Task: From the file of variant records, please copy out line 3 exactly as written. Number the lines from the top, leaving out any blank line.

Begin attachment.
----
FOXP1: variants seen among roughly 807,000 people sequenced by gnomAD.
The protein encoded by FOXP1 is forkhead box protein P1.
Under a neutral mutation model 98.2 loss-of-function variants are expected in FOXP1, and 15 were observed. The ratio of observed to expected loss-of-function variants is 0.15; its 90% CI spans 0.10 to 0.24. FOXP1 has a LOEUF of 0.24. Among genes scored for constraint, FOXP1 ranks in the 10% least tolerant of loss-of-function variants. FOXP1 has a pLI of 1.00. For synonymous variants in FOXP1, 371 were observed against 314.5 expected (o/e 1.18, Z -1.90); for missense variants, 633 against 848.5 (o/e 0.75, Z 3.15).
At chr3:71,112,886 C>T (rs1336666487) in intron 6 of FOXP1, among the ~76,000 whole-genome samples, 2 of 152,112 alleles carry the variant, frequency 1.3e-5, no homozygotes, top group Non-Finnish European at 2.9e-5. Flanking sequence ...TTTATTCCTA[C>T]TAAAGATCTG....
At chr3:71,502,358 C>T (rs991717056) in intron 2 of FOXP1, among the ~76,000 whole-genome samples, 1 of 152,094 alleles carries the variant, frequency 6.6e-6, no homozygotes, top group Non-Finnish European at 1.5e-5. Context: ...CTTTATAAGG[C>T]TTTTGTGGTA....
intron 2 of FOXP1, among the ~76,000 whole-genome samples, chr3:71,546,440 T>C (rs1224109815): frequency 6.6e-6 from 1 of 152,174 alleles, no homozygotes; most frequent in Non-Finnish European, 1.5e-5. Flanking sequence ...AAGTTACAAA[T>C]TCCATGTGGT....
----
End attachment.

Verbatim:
Under a neutral mutation model 98.2 loss-of-function variants are expected in FOXP1, and 15 were observed. The ratio of observed to expected loss-of-function variants is 0.15; its 90% CI spans 0.10 to 0.24. FOXP1 has a LOEUF of 0.24. Among genes scored for constraint, FOXP1 ranks in the 10% least tolerant of loss-of-function variants. FOXP1 has a pLI of 1.00. For synonymous variants in FOXP1, 371 were observed against 314.5 expected (o/e 1.18, Z -1.90); for missense variants, 633 against 848.5 (o/e 0.75, Z 3.15).